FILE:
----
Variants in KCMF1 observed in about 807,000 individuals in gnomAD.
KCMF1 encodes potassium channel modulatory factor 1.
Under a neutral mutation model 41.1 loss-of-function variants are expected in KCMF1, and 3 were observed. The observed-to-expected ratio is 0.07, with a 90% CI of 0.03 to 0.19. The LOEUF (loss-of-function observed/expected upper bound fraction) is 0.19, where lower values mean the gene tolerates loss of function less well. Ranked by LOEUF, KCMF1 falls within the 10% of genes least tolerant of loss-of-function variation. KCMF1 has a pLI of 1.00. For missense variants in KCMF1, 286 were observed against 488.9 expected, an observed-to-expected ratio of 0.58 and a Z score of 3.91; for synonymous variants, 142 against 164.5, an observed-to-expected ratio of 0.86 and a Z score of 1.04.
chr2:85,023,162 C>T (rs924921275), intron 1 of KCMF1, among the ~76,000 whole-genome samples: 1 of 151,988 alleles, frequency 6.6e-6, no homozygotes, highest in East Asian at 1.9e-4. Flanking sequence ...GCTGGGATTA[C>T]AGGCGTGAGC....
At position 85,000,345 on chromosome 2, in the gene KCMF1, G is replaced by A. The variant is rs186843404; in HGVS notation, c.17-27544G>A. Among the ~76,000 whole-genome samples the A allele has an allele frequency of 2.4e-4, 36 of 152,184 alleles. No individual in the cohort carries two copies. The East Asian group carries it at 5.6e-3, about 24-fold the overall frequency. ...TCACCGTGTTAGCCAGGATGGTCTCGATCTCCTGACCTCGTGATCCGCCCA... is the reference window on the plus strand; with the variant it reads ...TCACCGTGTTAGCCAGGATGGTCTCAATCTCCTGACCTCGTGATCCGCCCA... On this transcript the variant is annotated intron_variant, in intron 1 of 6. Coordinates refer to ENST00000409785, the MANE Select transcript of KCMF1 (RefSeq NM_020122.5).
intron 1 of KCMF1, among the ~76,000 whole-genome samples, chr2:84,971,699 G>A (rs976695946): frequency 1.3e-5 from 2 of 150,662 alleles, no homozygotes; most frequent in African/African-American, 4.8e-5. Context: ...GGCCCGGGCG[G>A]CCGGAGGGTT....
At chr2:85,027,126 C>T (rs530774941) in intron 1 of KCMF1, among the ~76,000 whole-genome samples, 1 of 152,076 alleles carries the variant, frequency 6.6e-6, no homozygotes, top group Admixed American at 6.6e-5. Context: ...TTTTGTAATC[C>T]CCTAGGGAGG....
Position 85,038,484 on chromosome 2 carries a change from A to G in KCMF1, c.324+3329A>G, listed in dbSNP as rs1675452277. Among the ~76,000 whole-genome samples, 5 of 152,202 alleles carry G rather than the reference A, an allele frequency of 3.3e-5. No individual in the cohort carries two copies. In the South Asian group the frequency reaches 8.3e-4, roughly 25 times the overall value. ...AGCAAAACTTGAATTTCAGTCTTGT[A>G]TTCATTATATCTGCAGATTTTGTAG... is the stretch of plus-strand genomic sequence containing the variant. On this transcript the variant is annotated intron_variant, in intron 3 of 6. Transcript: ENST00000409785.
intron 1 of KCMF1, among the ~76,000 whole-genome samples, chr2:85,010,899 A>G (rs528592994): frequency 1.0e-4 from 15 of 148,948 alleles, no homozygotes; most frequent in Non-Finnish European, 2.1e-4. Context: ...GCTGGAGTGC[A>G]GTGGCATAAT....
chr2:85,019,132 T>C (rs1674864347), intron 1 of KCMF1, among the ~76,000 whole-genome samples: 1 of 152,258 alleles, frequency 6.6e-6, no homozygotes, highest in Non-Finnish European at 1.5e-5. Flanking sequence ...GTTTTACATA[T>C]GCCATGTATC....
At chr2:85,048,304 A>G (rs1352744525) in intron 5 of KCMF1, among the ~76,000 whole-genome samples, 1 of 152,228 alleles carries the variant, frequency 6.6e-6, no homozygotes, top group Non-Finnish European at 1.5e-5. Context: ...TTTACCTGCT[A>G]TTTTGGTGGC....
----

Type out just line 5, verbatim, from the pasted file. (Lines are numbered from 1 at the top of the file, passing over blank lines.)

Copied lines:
At position 85,000,345 on chromosome 2, in the gene KCMF1, G is replaced by A. The variant is rs186843404; in HGVS notation, c.17-27544G>A. Among the ~76,000 whole-genome samples the A allele has an allele frequency of 2.4e-4, 36 of 152,184 alleles. No individual in the cohort carries two copies. The East Asian group carries it at 5.6e-3, about 24-fold the overall frequency. ...TCACCGTGTTAGCCAGGATGGTCTCGATCTCCTGACCTCGTGATCCGCCCA... is the reference window on the plus strand; with the variant it reads ...TCACCGTGTTAGCCAGGATGGTCTCAATCTCCTGACCTCGTGATCCGCCCA... On this transcript the variant is annotated intron_variant, in intron 1 of 6. Coordinates refer to ENST00000409785, the MANE Select transcript of KCMF1 (RefSeq NM_020122.5).